CAROL HENRY HAD ONE last hoop to jump through.
The manager of Parker's Casino and Nightclub on Aurora Avenue was ready to add off-track betting on the horse races at Emerald Downs to the Shoreline nightspot's list of attractions. Having received the all-important approval of the Washington State Horse Racing Commission, she simply needed a letter from the city of Shoreline confirming that off-track betting was allowed under the property's zoning.
Instead, the club found itself in a court battle with Shoreline—a fight it seems to have won quickly and decisively. This weekend, the horses will be running at Parker's via closed-circuit television, and Shoreline officials will still be nursing their wounds from a cutting decision delivered earlier this month by King County Superior Court Judge Robert Alsdorf.
A quick time line: Henry sent her letter to Shoreline on March 8. A week later, she received a terse reply asking for more information. She replied promptly, but Shoreline officials failed to return her calls for the next two weeks. Worried about getting the operation set up in time for the opening day of race season (April 15), club management called in attorney Dave Osgood, known for his high-profile battles on behalf of Seattle-area nightclubs.
But when Osgood finally reached Planning Director Timothy Stewart on March 27, he was informed that the Shoreline City Council had imposed a six-month moratorium on satellite horse race betting operations—at the previous night's meeting.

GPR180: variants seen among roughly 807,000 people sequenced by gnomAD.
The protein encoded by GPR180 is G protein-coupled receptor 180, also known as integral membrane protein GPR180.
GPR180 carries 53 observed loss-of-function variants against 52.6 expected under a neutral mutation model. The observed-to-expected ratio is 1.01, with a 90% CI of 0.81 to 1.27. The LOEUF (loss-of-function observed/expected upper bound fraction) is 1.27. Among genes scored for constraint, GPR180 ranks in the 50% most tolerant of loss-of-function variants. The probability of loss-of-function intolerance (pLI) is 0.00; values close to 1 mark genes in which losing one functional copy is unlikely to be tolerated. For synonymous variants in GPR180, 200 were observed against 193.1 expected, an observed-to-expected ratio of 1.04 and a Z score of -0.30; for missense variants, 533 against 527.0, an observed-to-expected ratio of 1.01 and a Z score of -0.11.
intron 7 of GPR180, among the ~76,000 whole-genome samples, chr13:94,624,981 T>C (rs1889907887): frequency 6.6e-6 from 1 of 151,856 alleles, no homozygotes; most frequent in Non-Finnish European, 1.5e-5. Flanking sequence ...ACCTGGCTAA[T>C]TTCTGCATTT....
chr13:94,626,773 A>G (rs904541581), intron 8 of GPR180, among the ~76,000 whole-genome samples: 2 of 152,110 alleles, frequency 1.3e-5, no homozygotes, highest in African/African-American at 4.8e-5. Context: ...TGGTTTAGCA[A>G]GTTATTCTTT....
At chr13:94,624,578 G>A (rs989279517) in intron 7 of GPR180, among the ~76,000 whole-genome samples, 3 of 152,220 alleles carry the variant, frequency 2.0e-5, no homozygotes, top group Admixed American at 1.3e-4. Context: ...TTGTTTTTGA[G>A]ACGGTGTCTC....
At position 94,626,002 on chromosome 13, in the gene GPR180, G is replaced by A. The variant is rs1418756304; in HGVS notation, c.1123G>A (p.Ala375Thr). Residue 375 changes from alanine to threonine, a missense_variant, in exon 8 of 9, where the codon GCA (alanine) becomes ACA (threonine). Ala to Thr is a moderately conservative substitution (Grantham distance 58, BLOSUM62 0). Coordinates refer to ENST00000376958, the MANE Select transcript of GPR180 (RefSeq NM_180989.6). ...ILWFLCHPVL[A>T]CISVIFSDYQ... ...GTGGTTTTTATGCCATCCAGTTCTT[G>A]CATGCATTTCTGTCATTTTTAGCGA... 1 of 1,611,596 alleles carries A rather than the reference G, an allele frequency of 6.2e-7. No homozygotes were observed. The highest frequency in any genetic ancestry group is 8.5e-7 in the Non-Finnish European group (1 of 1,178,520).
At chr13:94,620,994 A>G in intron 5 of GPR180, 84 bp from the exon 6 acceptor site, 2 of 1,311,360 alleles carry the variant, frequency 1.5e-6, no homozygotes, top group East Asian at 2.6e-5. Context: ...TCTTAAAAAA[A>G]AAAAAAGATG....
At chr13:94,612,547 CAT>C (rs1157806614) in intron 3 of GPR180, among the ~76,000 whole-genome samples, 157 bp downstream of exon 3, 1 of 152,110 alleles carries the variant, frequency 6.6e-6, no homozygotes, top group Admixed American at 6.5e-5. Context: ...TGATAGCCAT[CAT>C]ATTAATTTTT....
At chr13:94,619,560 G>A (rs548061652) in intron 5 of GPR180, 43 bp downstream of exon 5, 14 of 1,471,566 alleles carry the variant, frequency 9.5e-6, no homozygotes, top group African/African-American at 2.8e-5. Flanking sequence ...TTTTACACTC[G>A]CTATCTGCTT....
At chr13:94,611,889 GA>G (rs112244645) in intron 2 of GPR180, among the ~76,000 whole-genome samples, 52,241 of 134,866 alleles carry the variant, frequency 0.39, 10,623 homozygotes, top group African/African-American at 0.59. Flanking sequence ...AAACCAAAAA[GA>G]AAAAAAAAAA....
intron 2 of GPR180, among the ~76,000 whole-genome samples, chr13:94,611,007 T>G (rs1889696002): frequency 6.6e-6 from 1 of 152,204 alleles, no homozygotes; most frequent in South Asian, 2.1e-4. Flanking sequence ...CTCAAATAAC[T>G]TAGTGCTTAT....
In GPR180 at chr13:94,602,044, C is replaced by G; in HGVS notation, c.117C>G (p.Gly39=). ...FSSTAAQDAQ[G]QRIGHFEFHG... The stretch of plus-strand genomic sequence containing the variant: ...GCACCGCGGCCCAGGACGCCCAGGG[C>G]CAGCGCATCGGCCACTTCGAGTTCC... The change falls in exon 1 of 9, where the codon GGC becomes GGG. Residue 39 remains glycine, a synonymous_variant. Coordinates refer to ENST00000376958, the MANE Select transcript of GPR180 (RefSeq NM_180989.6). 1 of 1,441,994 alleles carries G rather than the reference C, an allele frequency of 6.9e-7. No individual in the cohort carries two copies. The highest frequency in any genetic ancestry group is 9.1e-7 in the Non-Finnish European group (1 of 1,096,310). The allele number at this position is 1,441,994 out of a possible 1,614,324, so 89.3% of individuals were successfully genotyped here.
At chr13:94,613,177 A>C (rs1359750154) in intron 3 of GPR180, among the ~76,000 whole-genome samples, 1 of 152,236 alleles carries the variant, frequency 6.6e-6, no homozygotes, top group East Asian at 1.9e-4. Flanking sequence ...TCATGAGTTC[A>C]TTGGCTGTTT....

Shoreline's move was largely tactical, explains Osgood. State law allows racetracks one satellite betting location in each county, and Emerald Downs wanted to relocate their King County operation from a Kirkland club to Parker's. If the city could use the moratorium—or a court challenge—to keep Parker's out of the horse race business during the six-month racing season, financial pressure would force the track to move operations elsewhere. Bob Fraser, director of operations for Emerald Downs, says the track hasn't had any problems with siting satellite betting operations during the five years it has operated the program. Shoreline had already banned new card room operations, like those operating at Parker's and several other Aurora Avenue clubs, in mid-1999.
But, as Henry had clearly requested the permit before the moratorium was imposed, attorney Osgood felt Shoreline couldn't legally block Parker's. And, despite the city's recruitment of a high-priced downtown Seattle attorney to aid in their arguments, Alsdorf issued a preliminary injunction on April 20 allowing the club to open its betting operation immediately.
These injunctions are issued when a judge feels one side is likely to prevail at trial, and Alsdorf's ruling all but settled the major issues in the case. He rejected several of Shoreline's arguments and ordered the city to immediately issue permission to Parker's. Unless Shoreline can convince the judge to reconsider his ruling, the only major issue remaining is damages—the delays from the court case caused the club to miss the first two weeks of horse racing season. Osgood likes his chances on both counts: "They've sort of prejudiced their case through the underhanded way they snuck in this moratorium," he says.
Shoreline City Attorney Ian Sievers says the city wants to close the case. "We're certainly looking for ways to push this to a conclusion, now that Alsdorf's made the ruling he has," he notes.
Osgood, who last week won a case over the city of Seattle's drug abatement action against the Oscar's II nightclub, is becoming the attorney of choice for nightspots suing over issues ranging from liquor license suspensions to prohibitions on live music. He jokes that the Parker's case has added horse racing to his usual staples of "booze, drugs, and rock 'n' roll," but isn't concerned with the controversial nature of his caseload. "If every one of my clients was a saint and all government bureaucrats were bright," he says, "I'd starve to death."